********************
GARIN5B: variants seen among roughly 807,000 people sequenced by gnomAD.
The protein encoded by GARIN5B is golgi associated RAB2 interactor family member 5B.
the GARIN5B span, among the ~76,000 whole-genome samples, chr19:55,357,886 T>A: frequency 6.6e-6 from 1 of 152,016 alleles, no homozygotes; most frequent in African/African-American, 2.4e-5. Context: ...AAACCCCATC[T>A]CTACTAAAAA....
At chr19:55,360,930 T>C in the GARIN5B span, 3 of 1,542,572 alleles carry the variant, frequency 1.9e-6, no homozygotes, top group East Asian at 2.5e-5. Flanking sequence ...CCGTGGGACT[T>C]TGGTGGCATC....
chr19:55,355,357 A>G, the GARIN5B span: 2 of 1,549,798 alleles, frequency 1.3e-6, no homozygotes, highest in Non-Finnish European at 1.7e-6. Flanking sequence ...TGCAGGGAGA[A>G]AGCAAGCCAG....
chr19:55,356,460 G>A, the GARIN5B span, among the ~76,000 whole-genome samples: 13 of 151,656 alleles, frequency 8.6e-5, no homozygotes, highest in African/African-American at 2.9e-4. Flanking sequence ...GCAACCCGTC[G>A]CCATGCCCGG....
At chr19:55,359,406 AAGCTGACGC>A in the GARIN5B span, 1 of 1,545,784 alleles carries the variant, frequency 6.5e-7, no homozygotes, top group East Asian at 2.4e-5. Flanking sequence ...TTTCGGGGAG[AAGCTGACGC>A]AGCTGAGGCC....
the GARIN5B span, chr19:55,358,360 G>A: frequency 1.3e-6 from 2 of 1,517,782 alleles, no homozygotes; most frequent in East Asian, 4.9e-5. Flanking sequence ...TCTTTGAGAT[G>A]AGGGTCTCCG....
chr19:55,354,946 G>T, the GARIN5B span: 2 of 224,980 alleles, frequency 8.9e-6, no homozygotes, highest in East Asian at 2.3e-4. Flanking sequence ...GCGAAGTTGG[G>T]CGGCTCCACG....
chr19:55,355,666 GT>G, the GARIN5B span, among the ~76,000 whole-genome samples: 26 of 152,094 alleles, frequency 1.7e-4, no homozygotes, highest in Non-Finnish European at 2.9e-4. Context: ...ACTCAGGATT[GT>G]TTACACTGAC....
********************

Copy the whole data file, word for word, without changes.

GARIN5B: variants seen among roughly 807,000 people sequenced by gnomAD.
The protein encoded by GARIN5B is golgi associated RAB2 interactor family member 5B.
the GARIN5B span, among the ~76,000 whole-genome samples, chr19:55,357,886 T>A: frequency 6.6e-6 from 1 of 152,016 alleles, no homozygotes; most frequent in African/African-American, 2.4e-5. Context: ...AAACCCCATC[T>A]CTACTAAAAA....
At chr19:55,360,930 T>C in the GARIN5B span, 3 of 1,542,572 alleles carry the variant, frequency 1.9e-6, no homozygotes, top group East Asian at 2.5e-5. Flanking sequence ...CCGTGGGACT[T>C]TGGTGGCATC....
chr19:55,355,357 A>G, the GARIN5B span: 2 of 1,549,798 alleles, frequency 1.3e-6, no homozygotes, highest in Non-Finnish European at 1.7e-6. Flanking sequence ...TGCAGGGAGA[A>G]AGCAAGCCAG....
chr19:55,356,460 G>A, the GARIN5B span, among the ~76,000 whole-genome samples: 13 of 151,656 alleles, frequency 8.6e-5, no homozygotes, highest in African/African-American at 2.9e-4. Flanking sequence ...GCAACCCGTC[G>A]CCATGCCCGG....
At chr19:55,359,406 AAGCTGACGC>A in the GARIN5B span, 1 of 1,545,784 alleles carries the variant, frequency 6.5e-7, no homozygotes, top group East Asian at 2.4e-5. Flanking sequence ...TTTCGGGGAG[AAGCTGACGC>A]AGCTGAGGCC....
the GARIN5B span, chr19:55,358,360 G>A: frequency 1.3e-6 from 2 of 1,517,782 alleles, no homozygotes; most frequent in East Asian, 4.9e-5. Flanking sequence ...TCTTTGAGAT[G>A]AGGGTCTCCG....
chr19:55,354,946 G>T, the GARIN5B span: 2 of 224,980 alleles, frequency 8.9e-6, no homozygotes, highest in East Asian at 2.3e-4. Flanking sequence ...GCGAAGTTGG[G>T]CGGCTCCACG....
chr19:55,355,666 GT>G, the GARIN5B span, among the ~76,000 whole-genome samples: 26 of 152,094 alleles, frequency 1.7e-4, no homozygotes, highest in Non-Finnish European at 2.9e-4. Context: ...ACTCAGGATT[GT>G]TTACACTGAC....